The U.S. President-elect must address Pakistan’s treacherous role in Afghanistan at full tilt
As U.S. President Barack Obama leaves office on January 20, he leaves behind an unfinished conflict, the longest lasting and least successful U.S. war in history: Afghanistan.
Following the downfall of the Taliban regime in 2001, Afghanistan once again became the focal point of international politics. The implications of three decades of war and violence inflicted devastating harm on Afghanistan’s basic infrastructure along with its economic and educational structures.
Religious scholars, tribal elders and civil society activists from northwestern Faryab province have praised Afghan forces for capturing six kidnappers and asked government to publicly execute them.
International bickering and bloc building could soon further jeopardize security in Afghanistan.
Afghanistan is being positioned in an outlandish situation as international political maneuvers become more complicated between the United States and Russia. The country could soon be squeezed between blocs built by the two countries, compromising the safety of Afghans.
While the U.S. and Russia have not been full-fledged allies since World War II, their relations have gradually deteriorated after Russia’s annexation of Crimea and the Syrian conflict. It has reached an even more critical point after Russia’s alleged interference in U.S. 2016 presidential election, subsequent sanctions on Moscow and ejection of Russian diplomats from Washington by President Barack Obama on December 29.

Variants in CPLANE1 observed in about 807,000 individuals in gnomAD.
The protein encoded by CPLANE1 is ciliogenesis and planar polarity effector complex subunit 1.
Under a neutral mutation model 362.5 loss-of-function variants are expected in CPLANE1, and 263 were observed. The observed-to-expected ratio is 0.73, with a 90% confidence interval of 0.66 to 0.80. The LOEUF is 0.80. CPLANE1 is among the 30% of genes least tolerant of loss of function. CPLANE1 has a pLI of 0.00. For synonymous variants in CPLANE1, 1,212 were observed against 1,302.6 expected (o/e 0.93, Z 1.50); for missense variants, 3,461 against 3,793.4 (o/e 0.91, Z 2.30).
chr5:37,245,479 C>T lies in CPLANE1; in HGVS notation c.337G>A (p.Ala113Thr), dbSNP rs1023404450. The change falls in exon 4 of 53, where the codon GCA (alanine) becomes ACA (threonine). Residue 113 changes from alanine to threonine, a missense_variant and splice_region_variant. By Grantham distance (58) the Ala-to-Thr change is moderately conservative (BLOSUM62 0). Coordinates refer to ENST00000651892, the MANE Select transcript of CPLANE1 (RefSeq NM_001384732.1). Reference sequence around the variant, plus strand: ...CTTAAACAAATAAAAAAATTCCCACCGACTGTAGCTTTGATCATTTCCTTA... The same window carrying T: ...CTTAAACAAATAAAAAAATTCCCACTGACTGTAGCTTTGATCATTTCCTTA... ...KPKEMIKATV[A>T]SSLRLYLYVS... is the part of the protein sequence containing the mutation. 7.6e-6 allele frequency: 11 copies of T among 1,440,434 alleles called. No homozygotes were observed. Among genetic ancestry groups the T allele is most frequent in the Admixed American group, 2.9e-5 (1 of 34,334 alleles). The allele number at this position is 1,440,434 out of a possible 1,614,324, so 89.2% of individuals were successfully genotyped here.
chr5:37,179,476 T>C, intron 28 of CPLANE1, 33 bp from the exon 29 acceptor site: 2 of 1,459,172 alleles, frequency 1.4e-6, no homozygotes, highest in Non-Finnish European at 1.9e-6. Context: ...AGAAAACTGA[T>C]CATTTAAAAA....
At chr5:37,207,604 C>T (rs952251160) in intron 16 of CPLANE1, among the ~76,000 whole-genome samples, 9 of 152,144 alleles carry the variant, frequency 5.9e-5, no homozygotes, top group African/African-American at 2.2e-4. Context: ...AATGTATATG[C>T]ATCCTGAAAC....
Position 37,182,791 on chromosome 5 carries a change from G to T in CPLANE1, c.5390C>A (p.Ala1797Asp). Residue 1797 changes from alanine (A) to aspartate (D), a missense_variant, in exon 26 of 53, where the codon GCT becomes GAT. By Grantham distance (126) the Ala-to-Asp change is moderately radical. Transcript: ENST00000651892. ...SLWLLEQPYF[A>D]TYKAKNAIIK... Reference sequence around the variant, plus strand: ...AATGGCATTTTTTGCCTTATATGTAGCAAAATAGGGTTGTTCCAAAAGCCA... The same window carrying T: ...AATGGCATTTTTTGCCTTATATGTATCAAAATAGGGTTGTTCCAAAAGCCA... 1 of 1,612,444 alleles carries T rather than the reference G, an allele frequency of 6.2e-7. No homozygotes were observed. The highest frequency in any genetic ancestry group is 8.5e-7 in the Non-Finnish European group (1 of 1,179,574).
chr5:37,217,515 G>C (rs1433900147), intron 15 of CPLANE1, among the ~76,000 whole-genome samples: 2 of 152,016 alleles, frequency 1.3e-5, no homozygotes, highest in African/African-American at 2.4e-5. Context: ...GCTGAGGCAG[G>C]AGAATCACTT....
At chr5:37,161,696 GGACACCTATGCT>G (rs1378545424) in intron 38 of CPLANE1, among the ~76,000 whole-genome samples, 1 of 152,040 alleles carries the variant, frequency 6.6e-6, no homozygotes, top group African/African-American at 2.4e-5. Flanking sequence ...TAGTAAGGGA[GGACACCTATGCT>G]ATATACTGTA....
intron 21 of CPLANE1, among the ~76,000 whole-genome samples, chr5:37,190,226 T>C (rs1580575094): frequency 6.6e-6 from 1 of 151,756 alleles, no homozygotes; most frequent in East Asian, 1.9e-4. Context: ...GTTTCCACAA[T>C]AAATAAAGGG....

That scenario poses an ever more complicated ground for Afghanistan, a country still grappling with enduring, protracted violence.
The U.S. has spent about $783 billion—and counting—and lost over 2,300 troops since 2001 in Afghanistan. It has also provided Pakistan, a supposed ally in “War on Terror,” with billions of dollars in military compensation and supplies through the Coalition Support Fund, in a bid to bar Islamabad from supporting terrorist fighters in Afghanistan. That strategy has not been successful as Pakistan continues to harbor Taliban. Ever since the resurgence of Taliban in 2004, Pakistan has been the main funder and backer of Taliban—using it as a proxy tool to gain strategic depth in Afghanistan. Every single negotiation effort by former President Hamid Karzai and current President Ashraf Ghani has failed to deter Pakistan from hostile approach toward Afghanistan. The Pakistani military and officials have repeatedly admitted that they actively support Taliban despite U.S. pressure on them.
The Taliban are responsible for the plight of Afghan and U.S. military. In total, the Afghanistan war bore 104,000 casualties over the course of 15 years. In 2016 alone, Afghan security forces have lost over 15,000 personnel in the war. Also, more than 1,600 Afghan civilians have been killed in 2016.
With President Obama conceding on December 7 that the U.S. cannot defeat Taliban, Moscow saw a window opportunity to cling on by hosting a conference on Afghanistan with China and Pakistan, but that summit excluded Afghanistan. Perhaps Russia feels there is a vacuum that needs to be filled.